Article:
Archive for the ‘Psychology’ Category

A Few More Thoughts on the Trayvon Martin Case

July 16, 2013

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The other night a woman told me she thought the controversy over the George Zimmerman trial was overblown. Mind you, she wasn’t defending what Zimmerman did. Rather, her argument was that with so many injustices in the world, it simply wasn’t right to devote so much attention to a single case.

This is a fair point. It seems to me, however, that this episode has struck a raw nerve with many people, not all of whom are black. Many of us have had that experience – on at least occasion – of being confronted by a hostile stranger. (The enduring popularity of the film, Deliverance, is due to the fact that it touches upon this common experience.) Many of us have had that sudden and unpleasant realization that one has angered, or perhaps simply attracted the suspicions of, someone for reasons that are not at all clear.

Such experiences are now even more disturbing because of the insane “stand your ground” laws that have been passed in many states. Thirty-one states have such laws. A stranger can shoot you for whatever reasons of his own and then tell the police that you “threatened” him. And chances are that he may get away with it. (Florida’s “stand your ground” law was a factor in Zimmerman’s acquittal.)

I love this country, but it’s increasingly becoming an uncomfortable place in which to live.

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Mapping Hate

May 17, 2013

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Students at Humboldt State University have put together a map of racist and homophobic tweets that were made between June 2012 and April 2013. They looked at 150,000 tweets in all. You can find the map here. The map indicates tweets that expresses prejudice against blacks, East Asians, and Latinos, as well as prejudice against gays and disabled people.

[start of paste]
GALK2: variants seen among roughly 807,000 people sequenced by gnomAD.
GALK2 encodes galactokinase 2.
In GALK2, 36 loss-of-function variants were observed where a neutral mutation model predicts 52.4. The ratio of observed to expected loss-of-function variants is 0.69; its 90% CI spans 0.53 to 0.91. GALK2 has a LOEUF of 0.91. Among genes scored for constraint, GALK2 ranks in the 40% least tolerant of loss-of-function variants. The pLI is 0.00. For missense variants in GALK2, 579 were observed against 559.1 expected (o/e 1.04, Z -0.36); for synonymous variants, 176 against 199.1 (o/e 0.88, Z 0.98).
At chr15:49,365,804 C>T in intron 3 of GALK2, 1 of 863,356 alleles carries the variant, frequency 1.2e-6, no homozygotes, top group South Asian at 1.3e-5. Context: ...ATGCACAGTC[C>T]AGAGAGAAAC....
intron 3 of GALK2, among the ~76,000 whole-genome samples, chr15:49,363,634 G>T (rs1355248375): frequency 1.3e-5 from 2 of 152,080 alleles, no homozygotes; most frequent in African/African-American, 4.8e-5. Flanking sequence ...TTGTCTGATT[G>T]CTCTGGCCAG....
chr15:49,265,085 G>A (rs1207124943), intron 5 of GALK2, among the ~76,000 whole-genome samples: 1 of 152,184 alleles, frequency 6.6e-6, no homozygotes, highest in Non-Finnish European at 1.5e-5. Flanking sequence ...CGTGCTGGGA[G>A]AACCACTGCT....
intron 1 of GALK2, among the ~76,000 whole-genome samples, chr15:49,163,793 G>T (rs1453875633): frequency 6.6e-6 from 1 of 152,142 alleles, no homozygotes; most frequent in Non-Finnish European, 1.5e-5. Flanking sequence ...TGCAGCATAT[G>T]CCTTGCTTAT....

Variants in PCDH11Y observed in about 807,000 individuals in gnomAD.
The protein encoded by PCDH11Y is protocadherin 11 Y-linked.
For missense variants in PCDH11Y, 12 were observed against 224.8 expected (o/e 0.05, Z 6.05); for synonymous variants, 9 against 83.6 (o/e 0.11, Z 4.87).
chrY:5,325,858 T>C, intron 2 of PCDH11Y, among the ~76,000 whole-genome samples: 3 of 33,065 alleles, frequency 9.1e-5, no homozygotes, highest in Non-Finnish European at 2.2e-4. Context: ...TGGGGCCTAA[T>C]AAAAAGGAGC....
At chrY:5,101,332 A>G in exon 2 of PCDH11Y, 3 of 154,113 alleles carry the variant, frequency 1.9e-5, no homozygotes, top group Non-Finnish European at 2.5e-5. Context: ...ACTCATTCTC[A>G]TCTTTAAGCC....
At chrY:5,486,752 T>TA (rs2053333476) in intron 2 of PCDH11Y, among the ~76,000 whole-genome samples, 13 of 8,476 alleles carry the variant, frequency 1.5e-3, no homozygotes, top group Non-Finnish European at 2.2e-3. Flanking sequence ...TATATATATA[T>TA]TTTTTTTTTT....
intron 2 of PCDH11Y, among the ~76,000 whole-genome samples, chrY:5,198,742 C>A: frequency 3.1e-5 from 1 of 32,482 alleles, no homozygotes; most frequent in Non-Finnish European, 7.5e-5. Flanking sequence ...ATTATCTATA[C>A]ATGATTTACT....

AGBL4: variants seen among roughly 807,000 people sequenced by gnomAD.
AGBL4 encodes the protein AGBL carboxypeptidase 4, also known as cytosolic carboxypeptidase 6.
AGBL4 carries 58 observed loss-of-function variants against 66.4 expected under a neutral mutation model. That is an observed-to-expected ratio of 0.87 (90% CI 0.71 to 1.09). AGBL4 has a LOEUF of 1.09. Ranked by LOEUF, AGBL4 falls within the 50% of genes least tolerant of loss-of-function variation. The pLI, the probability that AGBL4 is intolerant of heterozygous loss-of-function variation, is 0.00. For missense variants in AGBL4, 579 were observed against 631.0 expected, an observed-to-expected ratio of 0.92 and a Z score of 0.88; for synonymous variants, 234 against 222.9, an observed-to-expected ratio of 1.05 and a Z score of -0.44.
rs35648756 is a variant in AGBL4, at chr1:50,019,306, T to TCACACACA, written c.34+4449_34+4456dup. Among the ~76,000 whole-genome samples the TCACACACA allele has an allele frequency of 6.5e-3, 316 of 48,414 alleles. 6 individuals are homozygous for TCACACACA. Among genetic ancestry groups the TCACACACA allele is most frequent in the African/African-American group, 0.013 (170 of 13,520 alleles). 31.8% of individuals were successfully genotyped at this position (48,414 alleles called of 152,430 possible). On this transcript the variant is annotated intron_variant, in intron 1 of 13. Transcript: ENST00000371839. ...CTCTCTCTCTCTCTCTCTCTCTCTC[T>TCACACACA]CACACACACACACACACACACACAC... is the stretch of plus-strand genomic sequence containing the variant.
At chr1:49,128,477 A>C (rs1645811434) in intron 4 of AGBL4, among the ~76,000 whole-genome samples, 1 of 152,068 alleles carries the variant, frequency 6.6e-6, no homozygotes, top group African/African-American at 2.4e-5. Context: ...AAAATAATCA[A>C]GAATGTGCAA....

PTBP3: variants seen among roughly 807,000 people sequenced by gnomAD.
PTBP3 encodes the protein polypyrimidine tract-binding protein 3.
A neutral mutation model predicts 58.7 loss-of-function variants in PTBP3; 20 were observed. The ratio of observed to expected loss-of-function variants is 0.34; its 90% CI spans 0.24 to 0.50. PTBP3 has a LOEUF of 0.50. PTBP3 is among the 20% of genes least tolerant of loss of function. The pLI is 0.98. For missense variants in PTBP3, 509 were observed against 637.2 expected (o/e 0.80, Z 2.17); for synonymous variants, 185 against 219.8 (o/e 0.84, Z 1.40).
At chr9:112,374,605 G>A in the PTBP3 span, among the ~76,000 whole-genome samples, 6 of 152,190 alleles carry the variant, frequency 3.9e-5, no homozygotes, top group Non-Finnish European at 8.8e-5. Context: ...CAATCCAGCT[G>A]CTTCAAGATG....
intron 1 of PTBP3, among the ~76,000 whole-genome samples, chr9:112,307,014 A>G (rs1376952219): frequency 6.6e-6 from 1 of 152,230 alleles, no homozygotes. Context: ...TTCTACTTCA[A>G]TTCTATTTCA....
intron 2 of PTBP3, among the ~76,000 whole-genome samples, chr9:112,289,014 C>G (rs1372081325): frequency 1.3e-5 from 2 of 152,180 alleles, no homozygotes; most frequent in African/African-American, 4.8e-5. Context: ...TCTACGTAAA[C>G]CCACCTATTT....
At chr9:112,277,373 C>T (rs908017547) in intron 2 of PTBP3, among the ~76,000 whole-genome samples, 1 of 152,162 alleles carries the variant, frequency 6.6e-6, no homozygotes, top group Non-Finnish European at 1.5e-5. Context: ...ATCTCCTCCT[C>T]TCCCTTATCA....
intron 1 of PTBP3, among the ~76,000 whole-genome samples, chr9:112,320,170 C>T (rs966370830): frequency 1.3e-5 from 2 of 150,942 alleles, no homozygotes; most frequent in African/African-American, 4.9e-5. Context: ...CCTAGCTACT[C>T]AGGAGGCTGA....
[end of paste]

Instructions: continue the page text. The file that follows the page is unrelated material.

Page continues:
Some of the results are not surprising. Most of the hateful tweets come from rural areas, and, yeah, more of them come from the southeastern U.S. than the rest of the country. Yet there are also some things that seem odd. For example, there appears to be hotspots of homophobia in southeastern New Mexico, on the Oregon-Washington border, at the southern end of Lake Tahoe, and in a couple of places in eastern Wasington. On the other hand, there are few homophobic tweets from Mormon Utah, except for a place just outside of Salt Lake City. There are hotspots of anti-black racism just north of Sacramento, California and in Twin Falls, Idaho. And there are hotspots of anti-Chinese sentiment in central Virginia and in a couple of places in Minnesota. It’s possible that these anomalies may be due to a few people obsessively tweeting over and over again. I would like to know more about the methodology that was used in making this map.

One thing we learn is that “queer” appears to be a more popular epithet than “fag”. And “wetback” is popular in a couple of parts of Texas, but almost nowhere else. The map also gives the impression that anti-black racism is much more of a problem than anti-Latino racism.

However, the most striking thing about this map is how there are far more hate tweets from the eastern U.S. than from the western U.S. (with the exception of the anomalies I just mentioned). The rate of hate tweeting drops off sharply from central Kansas westwards. I know for a fact that there are a lot of racists and homophobes here in the West, so why this huge difference? Without knowing more about how this map was made, I can only put forward the following theory. There is a common stereotype that people from the East Coast are ruder and more verbally aggressive than people from the West Coast. I know from personal experience that there is some truth to this stereotype. (I have lived in Boston and in New York, two cities where rudeness is almost a way of life. People in L.A. can be rude sometimes, but it’s nothing at all like New York.) Could the corollary of this be that people in western states are less likely to vent their racism on Twitter than people in eastern states? I wonder.